An unexpected consequence of being a runner

I love running.

Okay, when I am out there and it is really cold or really hot or I just don’t feel good, running can be a chore.

What I love most about running is the freedom that it gives me.  An unexpected consequence of being a runner.

Last Saturday was a rough day.  In fact it was a difficult week overall, it just came to a head on Saturday.  I needed to get away.  A couple of years ago that would have entailed driving to Walmart and surrounding stores and walking through the isles of stuff.  Not this time.  Instead, I walked.  In fact I turned off my phone and walked for hours.  I walked on a trail I have run before, but never actually just took the time to look at the surroundings.  It was really cool.  Waterfalls, beaver dams and quietness.

I realized that day that because of my running I could walk as far as I wanted and not worry about how to make it home.  I was able to just go and be free.  It was awesome.

The other time this “consequence of running” occurred to me was this week while shut in at work for two days because of the snow.  I was able to spend hours outside helping people get their cars going.  I walked miles to the pharmacy to pick up meds for a coworker (and buy toothbrushes).  I never once thought, “can I make it back?”  I had freedom.  Who needs a car!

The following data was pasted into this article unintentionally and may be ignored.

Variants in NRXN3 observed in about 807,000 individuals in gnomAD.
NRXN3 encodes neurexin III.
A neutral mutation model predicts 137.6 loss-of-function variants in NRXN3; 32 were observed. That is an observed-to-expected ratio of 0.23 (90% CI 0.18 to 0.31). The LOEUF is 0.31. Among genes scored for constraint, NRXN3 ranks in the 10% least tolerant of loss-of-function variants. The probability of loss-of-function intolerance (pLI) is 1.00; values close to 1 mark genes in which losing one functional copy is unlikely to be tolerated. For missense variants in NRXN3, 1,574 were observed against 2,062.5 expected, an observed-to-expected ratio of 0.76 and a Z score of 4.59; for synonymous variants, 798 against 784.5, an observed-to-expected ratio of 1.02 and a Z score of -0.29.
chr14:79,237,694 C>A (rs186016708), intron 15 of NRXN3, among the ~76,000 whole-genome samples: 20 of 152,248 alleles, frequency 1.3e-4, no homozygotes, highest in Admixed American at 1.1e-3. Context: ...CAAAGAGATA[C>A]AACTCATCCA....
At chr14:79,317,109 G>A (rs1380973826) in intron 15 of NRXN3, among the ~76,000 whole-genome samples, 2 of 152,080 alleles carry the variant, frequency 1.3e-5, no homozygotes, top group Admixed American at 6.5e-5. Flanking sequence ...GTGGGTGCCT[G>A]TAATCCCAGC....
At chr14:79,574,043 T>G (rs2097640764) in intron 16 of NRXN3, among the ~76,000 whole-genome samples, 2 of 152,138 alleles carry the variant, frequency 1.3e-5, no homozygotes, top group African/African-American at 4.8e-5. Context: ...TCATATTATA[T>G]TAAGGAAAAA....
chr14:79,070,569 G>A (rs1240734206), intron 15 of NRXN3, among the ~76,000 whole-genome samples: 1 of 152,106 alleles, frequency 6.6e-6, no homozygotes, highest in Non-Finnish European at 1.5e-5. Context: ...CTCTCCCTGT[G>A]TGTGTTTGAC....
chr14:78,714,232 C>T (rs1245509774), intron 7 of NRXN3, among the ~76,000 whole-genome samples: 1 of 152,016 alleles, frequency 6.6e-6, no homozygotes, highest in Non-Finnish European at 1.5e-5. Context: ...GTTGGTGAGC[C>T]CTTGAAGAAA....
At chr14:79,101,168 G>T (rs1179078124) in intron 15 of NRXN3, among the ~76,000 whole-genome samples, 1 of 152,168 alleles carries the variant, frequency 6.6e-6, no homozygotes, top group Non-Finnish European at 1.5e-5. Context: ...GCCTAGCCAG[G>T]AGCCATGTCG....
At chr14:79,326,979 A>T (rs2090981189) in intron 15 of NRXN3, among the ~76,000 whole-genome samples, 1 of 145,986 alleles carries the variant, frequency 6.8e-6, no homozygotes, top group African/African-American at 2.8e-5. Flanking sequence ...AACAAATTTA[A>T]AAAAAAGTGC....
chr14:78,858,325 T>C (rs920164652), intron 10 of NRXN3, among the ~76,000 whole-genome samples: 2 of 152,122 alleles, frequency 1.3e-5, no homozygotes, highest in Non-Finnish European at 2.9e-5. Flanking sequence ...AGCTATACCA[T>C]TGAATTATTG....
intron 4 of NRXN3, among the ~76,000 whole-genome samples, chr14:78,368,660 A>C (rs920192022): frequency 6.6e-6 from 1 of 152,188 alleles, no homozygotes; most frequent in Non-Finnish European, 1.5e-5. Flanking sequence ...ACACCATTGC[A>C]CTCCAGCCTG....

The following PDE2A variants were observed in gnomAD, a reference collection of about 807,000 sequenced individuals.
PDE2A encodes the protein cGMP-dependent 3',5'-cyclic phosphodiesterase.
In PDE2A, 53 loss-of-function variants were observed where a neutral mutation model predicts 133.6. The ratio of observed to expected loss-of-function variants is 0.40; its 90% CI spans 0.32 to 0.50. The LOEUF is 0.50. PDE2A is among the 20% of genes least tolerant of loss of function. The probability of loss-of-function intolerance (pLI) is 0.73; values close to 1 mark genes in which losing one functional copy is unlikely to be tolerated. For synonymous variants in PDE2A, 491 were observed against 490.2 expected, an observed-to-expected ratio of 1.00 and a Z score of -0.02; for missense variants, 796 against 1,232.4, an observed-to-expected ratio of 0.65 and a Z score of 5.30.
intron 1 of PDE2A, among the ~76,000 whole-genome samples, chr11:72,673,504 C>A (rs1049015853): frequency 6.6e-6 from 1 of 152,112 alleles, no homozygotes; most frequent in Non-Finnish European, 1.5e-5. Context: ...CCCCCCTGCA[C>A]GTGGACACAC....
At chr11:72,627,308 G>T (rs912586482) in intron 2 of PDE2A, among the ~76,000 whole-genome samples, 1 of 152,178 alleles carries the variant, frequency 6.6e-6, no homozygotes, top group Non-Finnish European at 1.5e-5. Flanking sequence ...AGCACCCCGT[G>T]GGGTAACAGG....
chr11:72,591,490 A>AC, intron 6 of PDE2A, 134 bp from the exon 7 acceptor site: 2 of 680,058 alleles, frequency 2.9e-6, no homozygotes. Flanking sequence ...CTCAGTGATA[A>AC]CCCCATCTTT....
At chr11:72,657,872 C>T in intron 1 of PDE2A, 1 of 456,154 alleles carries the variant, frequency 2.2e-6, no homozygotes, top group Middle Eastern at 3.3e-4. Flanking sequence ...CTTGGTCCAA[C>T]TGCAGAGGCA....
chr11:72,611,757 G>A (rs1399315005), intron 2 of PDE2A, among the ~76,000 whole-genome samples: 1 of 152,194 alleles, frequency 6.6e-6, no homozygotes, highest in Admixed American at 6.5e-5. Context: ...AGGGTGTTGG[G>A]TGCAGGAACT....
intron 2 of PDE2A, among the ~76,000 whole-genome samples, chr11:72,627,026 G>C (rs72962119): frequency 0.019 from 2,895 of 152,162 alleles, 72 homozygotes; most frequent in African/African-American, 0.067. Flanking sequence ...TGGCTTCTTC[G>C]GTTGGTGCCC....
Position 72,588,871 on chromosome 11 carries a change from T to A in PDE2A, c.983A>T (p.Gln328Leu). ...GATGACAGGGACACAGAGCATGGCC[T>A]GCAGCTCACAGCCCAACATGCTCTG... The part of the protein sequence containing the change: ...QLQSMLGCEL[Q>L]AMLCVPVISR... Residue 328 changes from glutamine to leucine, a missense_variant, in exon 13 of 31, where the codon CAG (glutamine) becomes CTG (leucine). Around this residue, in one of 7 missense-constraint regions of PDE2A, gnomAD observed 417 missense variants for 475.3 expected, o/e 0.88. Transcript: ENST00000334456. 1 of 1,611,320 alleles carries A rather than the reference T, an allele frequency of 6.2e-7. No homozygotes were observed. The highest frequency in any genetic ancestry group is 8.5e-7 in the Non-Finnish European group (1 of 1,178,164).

So if you are debating if you should start running or you are a runner and are trying to encourage others to run, remember what I learned.  There is a lot of freedom in life once the chains of poor physical fitness are removed.  Once you run 26.2 miles, it dawns on you that if needed, you can walk the 23 miles home in an emergency.

Freedom.  A basic instinct.  One that I am glad I received almost 2 years ago when I started running.

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15 thoughts on “An unexpected consequence of being a runner

  1. This was actually one of the first realizations that catalyzed my love of running. It was about five years ago when I first started pushing my distance limits. Once I had hit five miles, I decided to start running farther to see how far I could go. I eventually reached the lake (I live in Chicago) — and when I did, it dawned on me that I could run virtually anywhere in the city and have enough energy to come back home.

    That was huge for me. Dawning upon that singular realization was vital for my transformation into a distance runner. Great perspective.

    • Wow. That is really great. Thanks for sharing that. It is really neat how much runners share in common. Chicago? We used to visit Ballydoyle’s in Downers Grove a couple times a year. That and the pizza was amazing!!!

  2. So glad you wrote about the freedom of running…it is an element not thought of nearly enough by many who have not made the decision to start. Essays like this inspire others to begin, and that can save lives in the long “run”!

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